Polygynous males have evolved to die youngNovember 14th, 2007 - 2:23 am ICT by admin
In the study the researchers analysed data, which measured survival, and descriptions of breeding for both sexes in animals.
Several explanations have been proposed for the lifespan difference between the sexes - it could be a result of the ageing effects of testosterone, or it could be evolutionary forces- having the men die early might ease pressure on valuable resources, for example, helping the overall success of the species.
Or it could be something to do with mating behaviour.
Earlier observations had suggested that polygyny was a common characteristic among species in which males die younger than females, including red deer, lions and elephant seals.
It was observed that elephant seals can have harems as large as 40 females but the males lived only 75 percent as long as the females.
The analysis of the study found that no consistent sex differences in breeding life spans, annual rates of mortality or rates of ageing in monogamous species.
However, the team reported that the more polygynous a species was, the more short-lived the male was likely to be, and the shorter their duration of effective breeding.
“Fight hard, and not only die young but evolve to die young,” Nature quoted Stephen Stearns of Yale University in New Haven, Connecticut, as saying.
For example in polygynous red deer, males live 75 percent as long as females, and have an effective breeding period of less than half that of the females.
In swans, which almost always pair for life with only a 6 percent divorce rate, life spans and effective breeding periods were nearly equal.
Researchers said that the trait could be because in species in which males fight for mates, evolution favours the development of characteristics that help win fights, such as aggression or antler growth, at the expense of male longevity.
“We need more long-term studies following individual animals through their lifespan to understand this better,” Clutton-Brock said.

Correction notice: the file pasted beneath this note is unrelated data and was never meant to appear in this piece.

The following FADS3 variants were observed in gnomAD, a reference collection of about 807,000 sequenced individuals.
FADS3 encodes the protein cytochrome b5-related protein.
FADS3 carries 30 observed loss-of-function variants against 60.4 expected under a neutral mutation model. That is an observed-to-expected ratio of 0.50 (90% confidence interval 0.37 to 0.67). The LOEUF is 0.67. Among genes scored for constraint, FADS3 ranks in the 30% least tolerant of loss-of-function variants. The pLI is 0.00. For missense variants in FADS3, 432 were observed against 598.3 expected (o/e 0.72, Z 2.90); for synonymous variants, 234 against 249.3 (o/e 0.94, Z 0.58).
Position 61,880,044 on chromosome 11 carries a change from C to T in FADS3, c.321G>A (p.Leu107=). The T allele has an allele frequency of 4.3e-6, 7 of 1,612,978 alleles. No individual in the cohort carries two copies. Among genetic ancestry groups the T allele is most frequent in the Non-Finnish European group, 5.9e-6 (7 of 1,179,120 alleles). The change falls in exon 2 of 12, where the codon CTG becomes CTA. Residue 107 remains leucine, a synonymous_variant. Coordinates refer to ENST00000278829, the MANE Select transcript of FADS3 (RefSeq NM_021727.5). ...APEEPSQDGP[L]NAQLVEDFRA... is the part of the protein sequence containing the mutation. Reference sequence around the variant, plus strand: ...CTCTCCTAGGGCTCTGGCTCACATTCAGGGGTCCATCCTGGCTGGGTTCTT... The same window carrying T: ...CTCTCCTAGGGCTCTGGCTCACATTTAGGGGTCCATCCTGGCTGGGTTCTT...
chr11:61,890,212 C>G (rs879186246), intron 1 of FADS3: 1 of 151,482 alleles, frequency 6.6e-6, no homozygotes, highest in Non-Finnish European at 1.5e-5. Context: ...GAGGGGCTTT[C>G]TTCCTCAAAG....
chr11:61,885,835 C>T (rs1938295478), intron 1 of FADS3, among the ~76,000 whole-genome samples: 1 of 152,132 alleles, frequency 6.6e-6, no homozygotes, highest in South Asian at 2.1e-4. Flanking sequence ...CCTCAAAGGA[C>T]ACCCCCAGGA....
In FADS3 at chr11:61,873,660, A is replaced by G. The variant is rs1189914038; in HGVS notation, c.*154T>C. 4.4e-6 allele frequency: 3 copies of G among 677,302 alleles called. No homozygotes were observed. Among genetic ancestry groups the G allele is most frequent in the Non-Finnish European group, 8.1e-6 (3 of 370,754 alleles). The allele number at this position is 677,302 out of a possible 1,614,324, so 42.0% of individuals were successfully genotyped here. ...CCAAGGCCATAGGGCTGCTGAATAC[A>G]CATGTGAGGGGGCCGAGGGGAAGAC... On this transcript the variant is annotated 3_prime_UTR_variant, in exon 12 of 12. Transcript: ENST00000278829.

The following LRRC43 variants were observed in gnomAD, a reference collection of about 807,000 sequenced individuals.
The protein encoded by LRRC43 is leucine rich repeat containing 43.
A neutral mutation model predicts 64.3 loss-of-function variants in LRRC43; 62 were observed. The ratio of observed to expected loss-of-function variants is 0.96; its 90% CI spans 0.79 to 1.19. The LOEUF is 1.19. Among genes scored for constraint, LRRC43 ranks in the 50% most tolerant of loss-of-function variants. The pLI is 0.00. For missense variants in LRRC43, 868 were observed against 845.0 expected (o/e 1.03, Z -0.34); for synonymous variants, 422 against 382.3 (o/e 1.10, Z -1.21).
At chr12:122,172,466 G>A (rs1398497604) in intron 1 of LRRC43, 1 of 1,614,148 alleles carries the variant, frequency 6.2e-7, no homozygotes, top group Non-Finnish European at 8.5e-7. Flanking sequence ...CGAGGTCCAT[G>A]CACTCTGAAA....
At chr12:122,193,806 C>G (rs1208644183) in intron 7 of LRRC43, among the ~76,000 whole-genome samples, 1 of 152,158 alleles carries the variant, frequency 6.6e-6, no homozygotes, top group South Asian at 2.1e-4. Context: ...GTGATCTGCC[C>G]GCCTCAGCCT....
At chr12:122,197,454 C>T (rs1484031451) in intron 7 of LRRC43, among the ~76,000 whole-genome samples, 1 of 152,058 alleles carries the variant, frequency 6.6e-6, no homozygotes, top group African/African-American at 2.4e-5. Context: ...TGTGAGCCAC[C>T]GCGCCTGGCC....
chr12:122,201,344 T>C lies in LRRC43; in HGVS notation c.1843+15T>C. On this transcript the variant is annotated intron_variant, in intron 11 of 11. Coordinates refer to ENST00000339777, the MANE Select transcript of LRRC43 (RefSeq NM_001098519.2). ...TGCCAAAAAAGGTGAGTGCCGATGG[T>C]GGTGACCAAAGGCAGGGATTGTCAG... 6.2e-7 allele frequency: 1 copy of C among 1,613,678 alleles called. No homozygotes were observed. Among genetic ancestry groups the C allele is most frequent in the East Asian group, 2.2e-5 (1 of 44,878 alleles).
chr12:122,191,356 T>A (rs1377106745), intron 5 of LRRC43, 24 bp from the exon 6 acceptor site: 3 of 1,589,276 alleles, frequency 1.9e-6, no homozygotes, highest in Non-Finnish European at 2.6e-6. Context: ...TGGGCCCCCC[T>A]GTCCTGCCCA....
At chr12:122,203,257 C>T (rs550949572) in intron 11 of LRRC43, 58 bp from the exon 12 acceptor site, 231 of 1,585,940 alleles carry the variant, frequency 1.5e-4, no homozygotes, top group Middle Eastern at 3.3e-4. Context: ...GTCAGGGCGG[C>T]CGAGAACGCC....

“The results can be simplified as fight hard, and not only die young but evolve to die young,” Stearns said.
The study is published in Proceedings of the Royal Society of London B 1. (ANI)
- Genetic 'battle of the sexes' could be much harder to resolve: Study - Nov 05, 2010
- Female mammals use their noses to choose right mates - Mar 18, 2009
- No romance for Delhi zoo's bears, deer this winter - Nov 20, 2011
- It's the smell, silly, not the looks - Mar 18, 2009
- Fish make sacrifices to play great dads - Mar 09, 2012
- Clue to why women live longer discovered - Aug 04, 2012
- Female birds act just like males in cooperative breeding species - Dec 10, 2009
- Wolf nannies shorten male pups' sex lives: Study - Oct 24, 2010
- Males snakes pursue same sex with high estrogen - Feb 12, 2012
- Why killer whales and human females stop breeding early? - Jul 02, 2010
- Female mites dominated males in sex: Experts - Mar 17, 2011
- People with sense of humour more attractive - Aug 06, 2012
- Rising deer population a headache for Delhi Zoo - Dec 30, 2010
- Packaging chemical could cheat men of sex appeal - Jun 29, 2011
- New scent created by breeding orchid species to trick male bees - Apr 22, 2010
Tags: ageing, clutton brock, divorce rate, elephant seals, favours, females, harems, humankind, kavita, lifespan, males age, monogamous species, new haven connecticut, polygyny, red deer, sex differences, sexes, spans, valuable resources, yale university